In the Old Testament, things that were “devoted to destruction” were absolutely not to be ransomed. This was God’s command. Cut and dry. But that computer just seems so darn useful, you see…

The Israelites also felt the same. Instead of heeding God’s command, they often saved treasures, and sometimes people, that God did not intend to survive. You can see how it would be complicated. Just as in yesterday’s study we talked about the sacrifice of the Egyptian army, likewise, the Israelites would go to battle with real people, people with families and homes.

However, the cherem was created in the Old Testament to keep the Israelites set apart. The people that came against them in war, or those God sent them against, were slowly destroying them. They introduced them to idols, led them to all manners of adultery, utterly destroying children and families in one swoop or over time. At the very least these nations created complacency in their faith, and at worst turned them from the Triune God.

Here’s the deal: God values us enough to demand better.

The book of Isaiah can gives us some answers and some peace. Turn to Isaiah 43:11-13:

I, I am the Lord,
    and besides me there is no savior.
12 I declared and saved and proclaimed,
    when there was no strange god among you;
    and you are my witnesses,” declares the Lord, “and I am God.
13 Also henceforth I am he;
    there is none who can deliver from my hand;
    I work, and who can turn it back?”

My Study Bible notation states, “As in the past, so also in the future, God’s plans will be unstoppable.”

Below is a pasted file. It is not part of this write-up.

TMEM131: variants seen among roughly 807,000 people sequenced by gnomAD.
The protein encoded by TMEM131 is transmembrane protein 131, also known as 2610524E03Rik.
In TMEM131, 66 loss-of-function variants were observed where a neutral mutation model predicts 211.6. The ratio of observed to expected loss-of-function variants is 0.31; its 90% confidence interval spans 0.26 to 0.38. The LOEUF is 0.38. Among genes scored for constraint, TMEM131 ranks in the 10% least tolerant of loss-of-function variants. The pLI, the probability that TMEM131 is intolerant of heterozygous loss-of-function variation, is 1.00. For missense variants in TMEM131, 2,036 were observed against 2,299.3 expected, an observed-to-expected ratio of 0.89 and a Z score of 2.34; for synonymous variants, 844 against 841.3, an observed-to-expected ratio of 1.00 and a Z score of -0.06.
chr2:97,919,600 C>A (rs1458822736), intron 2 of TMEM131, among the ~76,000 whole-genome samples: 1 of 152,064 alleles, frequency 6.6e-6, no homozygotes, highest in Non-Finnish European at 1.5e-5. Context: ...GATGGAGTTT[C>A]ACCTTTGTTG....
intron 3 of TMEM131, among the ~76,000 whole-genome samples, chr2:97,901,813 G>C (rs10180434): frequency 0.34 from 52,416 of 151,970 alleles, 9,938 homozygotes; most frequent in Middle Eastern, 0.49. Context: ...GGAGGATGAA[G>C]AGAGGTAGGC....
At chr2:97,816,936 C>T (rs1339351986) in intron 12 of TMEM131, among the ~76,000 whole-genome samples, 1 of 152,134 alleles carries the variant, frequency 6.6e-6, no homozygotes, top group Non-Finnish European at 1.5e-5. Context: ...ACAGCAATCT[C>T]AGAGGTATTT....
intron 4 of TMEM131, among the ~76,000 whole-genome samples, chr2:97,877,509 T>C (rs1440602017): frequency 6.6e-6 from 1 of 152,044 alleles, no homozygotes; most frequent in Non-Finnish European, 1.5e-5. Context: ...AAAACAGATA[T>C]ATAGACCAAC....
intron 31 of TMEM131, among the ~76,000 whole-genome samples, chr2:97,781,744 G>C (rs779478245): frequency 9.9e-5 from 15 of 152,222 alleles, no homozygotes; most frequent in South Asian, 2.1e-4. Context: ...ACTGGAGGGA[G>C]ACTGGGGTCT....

God gets to be God and we don’t get to steal that from Him.

In the fullness of time, our God sent his own cherem. A redeemer, a ransom – Christ Jesus, our Lord.

And by that will we have been sanctified through the offering of the body of Jesus Christ once for all.  (Hebrews 10:10)

Jesus came and offered Himself for total destruction. It was confusing and hard for the disciples and the people who had to watch it. It invigorates and warms our hearts with grace, this sacrifice. But complacency, it does not create. God has set us apart with His ransom. Jesus has given His life, for our salvation, and now we live in a New Covenant. We can offer grace and forgiveness at times when we could not see it without Him. There are definitely still times we need to send some stuff, that which leaves us complacent, to the trash heap – things and relationships that lead us away from Him – but we see it with a new mind. The mind of Christ.